I’m waiting to take my mother to the airport.  Carole and I will be on our own for the first time since her surgery.  She’s getting around really well, but she can’t do everything and she can’t drive.  After I take my mother I’ll go to the supermarket.  Of all the things Carole did before, I miss her shopping the most!  That, and her going into the basement for any reason.  I hate the basement.

I didn’t walk the dog this morning because some women were just attacked in my area, doing just that, at just the time that I do it.  I walk the dog every morning before work.  I had a traumatic dog walking experience several years ago, and I swore I’d never walk a dog again.  Well the dog is here and I can’t accept that she doesn’t need to be walked, so I do it.

Physically, I have never ever intimidated anyone, except when I am walking this dog.  She’s big and black and she acts anxious, what could be seen as aggressive, on the leash.  I would not walk her if I felt there was any danger she’d hurt anyone.  She even calmly accepts the occasional aggression of little dogs.  But people approaching me don’t know that, and once in a while someone will cross the street to avoid me.  It boggles my mind that someone is attacking women who are walking dogs.  I have no idea what my dog would do if I was attacked.  I’m able to walk her because I think that she is an unlikely target for attack, and that she’d be able to defend herself, whereas my little dog that was killed didn’t have a chance.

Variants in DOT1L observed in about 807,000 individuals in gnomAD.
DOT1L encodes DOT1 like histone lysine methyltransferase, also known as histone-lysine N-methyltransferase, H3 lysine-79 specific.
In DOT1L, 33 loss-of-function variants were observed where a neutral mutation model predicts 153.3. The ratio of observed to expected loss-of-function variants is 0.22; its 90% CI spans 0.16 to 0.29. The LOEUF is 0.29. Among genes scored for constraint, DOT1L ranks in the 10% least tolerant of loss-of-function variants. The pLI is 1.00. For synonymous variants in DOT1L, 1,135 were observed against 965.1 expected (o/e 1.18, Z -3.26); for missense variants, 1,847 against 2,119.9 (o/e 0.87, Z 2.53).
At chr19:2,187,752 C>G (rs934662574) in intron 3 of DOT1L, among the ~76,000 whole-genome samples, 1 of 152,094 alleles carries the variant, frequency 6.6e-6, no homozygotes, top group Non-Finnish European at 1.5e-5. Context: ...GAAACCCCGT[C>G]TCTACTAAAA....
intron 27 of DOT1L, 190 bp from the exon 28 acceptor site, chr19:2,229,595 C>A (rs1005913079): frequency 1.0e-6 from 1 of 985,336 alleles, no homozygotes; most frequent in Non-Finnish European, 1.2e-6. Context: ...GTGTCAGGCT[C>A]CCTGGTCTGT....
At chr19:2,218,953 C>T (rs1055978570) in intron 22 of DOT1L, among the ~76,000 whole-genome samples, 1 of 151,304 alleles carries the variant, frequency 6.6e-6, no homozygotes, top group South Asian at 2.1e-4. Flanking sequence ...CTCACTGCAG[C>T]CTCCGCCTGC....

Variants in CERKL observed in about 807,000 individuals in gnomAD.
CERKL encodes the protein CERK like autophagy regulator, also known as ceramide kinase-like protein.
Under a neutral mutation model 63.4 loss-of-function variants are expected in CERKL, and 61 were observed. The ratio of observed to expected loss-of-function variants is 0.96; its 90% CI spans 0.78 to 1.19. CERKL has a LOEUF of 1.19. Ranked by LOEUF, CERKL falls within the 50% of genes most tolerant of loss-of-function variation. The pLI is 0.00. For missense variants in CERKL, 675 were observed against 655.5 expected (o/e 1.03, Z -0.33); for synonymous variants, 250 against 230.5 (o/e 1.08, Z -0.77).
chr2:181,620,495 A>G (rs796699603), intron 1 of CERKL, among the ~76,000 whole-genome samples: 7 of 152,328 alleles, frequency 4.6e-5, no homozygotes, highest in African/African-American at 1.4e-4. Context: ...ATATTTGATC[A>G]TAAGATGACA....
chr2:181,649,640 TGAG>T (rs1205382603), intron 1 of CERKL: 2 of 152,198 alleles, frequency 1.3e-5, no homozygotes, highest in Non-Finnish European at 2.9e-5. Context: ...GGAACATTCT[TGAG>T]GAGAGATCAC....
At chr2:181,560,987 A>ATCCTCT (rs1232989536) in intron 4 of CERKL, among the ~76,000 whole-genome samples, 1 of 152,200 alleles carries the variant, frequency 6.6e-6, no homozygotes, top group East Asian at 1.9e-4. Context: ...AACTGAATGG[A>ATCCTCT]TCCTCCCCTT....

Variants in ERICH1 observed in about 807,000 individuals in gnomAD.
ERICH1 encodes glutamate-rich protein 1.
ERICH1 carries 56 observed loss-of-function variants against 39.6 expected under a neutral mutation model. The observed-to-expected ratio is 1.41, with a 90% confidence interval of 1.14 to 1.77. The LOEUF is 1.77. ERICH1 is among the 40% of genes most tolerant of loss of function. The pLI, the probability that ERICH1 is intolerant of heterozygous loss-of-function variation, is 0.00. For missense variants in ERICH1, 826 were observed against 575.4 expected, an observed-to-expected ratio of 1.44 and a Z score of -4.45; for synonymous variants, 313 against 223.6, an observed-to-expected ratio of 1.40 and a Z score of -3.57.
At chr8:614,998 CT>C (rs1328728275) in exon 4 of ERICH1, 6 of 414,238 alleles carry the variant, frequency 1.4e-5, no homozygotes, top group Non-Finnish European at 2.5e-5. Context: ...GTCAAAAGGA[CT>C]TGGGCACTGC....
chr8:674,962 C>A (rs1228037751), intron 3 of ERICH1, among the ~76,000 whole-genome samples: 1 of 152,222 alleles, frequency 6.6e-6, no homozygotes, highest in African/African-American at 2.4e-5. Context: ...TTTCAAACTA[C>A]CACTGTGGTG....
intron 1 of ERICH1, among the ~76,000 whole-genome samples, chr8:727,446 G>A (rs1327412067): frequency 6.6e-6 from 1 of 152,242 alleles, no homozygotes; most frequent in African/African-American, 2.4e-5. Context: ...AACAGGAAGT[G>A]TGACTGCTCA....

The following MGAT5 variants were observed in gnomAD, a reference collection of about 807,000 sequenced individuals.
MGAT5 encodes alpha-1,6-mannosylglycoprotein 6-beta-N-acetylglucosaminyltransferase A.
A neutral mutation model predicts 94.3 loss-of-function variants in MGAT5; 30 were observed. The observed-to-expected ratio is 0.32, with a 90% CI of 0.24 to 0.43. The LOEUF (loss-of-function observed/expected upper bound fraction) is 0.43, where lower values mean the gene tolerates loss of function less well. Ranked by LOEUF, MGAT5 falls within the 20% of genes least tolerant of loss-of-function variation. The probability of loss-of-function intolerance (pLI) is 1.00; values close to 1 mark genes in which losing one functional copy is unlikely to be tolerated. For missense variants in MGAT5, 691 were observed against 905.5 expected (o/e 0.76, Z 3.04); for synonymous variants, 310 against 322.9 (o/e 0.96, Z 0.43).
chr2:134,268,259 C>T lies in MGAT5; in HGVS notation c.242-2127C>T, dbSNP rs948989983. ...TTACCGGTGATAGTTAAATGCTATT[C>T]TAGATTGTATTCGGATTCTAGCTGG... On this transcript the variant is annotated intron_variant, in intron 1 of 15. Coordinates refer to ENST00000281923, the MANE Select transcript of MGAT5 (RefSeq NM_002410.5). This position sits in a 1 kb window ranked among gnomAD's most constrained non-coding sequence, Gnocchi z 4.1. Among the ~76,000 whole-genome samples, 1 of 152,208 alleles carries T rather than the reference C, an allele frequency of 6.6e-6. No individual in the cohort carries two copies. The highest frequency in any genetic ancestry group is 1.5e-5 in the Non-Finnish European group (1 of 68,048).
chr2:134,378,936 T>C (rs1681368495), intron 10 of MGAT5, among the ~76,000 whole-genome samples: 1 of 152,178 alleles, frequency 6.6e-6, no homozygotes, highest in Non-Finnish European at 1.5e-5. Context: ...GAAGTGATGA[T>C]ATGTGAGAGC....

So today I will walk her in the broad daylight when I get home from the airport and the supermarket.  Tomorrow, I don’t know.  I have to work and I don’t like to walk her after work, at least not by myself.  Carole can’t come with me.  Often the weather keeps me from walking at this time of year but that’s not the problem this week.  I’ve been very fortunate to be able to walk her pretty much every day up until today.  I have to choose between my fear of the attacker and my fear of facing a later walk.

What would Dr. Bob do?

Willpower

I don’t have enough when it comes to cats or books.

Sometimes I hear people get balled up about willpower.  Willpower will not protect an alcoholic from drinking.  That’s why I’ve belonged to AA for 33 years, 27 of them in continuous sobriety.  And I should probably correct that.  Willpower would not protect this alcoholic from drinking.  There are many people who, I hear tell, quit drinking without AA.  I can’t say that I’m happy for them, since they are missing the best thing in my life, but I’m glad that if they’re alcoholic, they’re not drinking.